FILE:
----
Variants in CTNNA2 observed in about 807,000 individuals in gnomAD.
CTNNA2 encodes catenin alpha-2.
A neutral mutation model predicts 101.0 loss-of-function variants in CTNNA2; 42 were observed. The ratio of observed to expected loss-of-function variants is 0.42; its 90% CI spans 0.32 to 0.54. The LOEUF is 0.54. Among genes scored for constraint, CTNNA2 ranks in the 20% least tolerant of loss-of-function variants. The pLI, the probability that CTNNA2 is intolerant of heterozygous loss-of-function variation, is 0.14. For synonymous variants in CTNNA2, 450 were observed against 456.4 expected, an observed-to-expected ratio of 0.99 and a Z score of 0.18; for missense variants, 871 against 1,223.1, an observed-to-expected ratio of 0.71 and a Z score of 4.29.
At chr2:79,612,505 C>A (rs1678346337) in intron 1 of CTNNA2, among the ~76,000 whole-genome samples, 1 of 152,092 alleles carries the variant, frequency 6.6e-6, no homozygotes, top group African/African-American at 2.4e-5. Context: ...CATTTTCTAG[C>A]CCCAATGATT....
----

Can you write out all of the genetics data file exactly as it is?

Variants in CTNNA2 observed in about 807,000 individuals in gnomAD.
CTNNA2 encodes catenin alpha-2.
A neutral mutation model predicts 101.0 loss-of-function variants in CTNNA2; 42 were observed. The ratio of observed to expected loss-of-function variants is 0.42; its 90% CI spans 0.32 to 0.54. The LOEUF is 0.54. Among genes scored for constraint, CTNNA2 ranks in the 20% least tolerant of loss-of-function variants. The pLI, the probability that CTNNA2 is intolerant of heterozygous loss-of-function variation, is 0.14. For synonymous variants in CTNNA2, 450 were observed against 456.4 expected, an observed-to-expected ratio of 0.99 and a Z score of 0.18; for missense variants, 871 against 1,223.1, an observed-to-expected ratio of 0.71 and a Z score of 4.29.
At chr2:79,612,505 C>A (rs1678346337) in intron 1 of CTNNA2, among the ~76,000 whole-genome samples, 1 of 152,092 alleles carries the variant, frequency 6.6e-6, no homozygotes, top group African/African-American at 2.4e-5. Context: ...CATTTTCTAG[C>A]CCCAATGATT....